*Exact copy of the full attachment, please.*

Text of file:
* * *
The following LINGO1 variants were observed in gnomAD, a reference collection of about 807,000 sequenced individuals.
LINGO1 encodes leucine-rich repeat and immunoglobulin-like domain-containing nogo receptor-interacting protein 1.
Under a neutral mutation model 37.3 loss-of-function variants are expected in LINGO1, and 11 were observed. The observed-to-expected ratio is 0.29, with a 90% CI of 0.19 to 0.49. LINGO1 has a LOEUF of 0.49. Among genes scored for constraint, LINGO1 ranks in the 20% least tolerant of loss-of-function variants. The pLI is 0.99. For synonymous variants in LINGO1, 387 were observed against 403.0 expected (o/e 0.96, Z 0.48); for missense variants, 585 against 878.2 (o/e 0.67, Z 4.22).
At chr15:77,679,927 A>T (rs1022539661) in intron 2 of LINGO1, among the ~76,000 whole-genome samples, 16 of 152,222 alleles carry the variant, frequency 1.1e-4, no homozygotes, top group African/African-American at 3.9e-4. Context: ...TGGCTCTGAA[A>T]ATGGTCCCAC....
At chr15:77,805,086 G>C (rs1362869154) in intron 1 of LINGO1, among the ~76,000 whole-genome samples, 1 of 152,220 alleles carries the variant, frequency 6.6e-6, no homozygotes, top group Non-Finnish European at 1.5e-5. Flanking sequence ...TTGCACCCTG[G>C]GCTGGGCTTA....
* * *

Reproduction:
The following LINGO1 variants were observed in gnomAD, a reference collection of about 807,000 sequenced individuals.
LINGO1 encodes leucine-rich repeat and immunoglobulin-like domain-containing nogo receptor-interacting protein 1.
Under a neutral mutation model 37.3 loss-of-function variants are expected in LINGO1, and 11 were observed. The observed-to-expected ratio is 0.29, with a 90% CI of 0.19 to 0.49. LINGO1 has a LOEUF of 0.49. Among genes scored for constraint, LINGO1 ranks in the 20% least tolerant of loss-of-function variants. The pLI is 0.99. For synonymous variants in LINGO1, 387 were observed against 403.0 expected (o/e 0.96, Z 0.48); for missense variants, 585 against 878.2 (o/e 0.67, Z 4.22).
At chr15:77,679,927 A>T (rs1022539661) in intron 2 of LINGO1, among the ~76,000 whole-genome samples, 16 of 152,222 alleles carry the variant, frequency 1.1e-4, no homozygotes, top group African/African-American at 3.9e-4. Context: ...TGGCTCTGAA[A>T]ATGGTCCCAC....
At chr15:77,805,086 G>C (rs1362869154) in intron 1 of LINGO1, among the ~76,000 whole-genome samples, 1 of 152,220 alleles carries the variant, frequency 6.6e-6, no homozygotes, top group Non-Finnish European at 1.5e-5. Flanking sequence ...TTGCACCCTG[G>C]GCTGGGCTTA....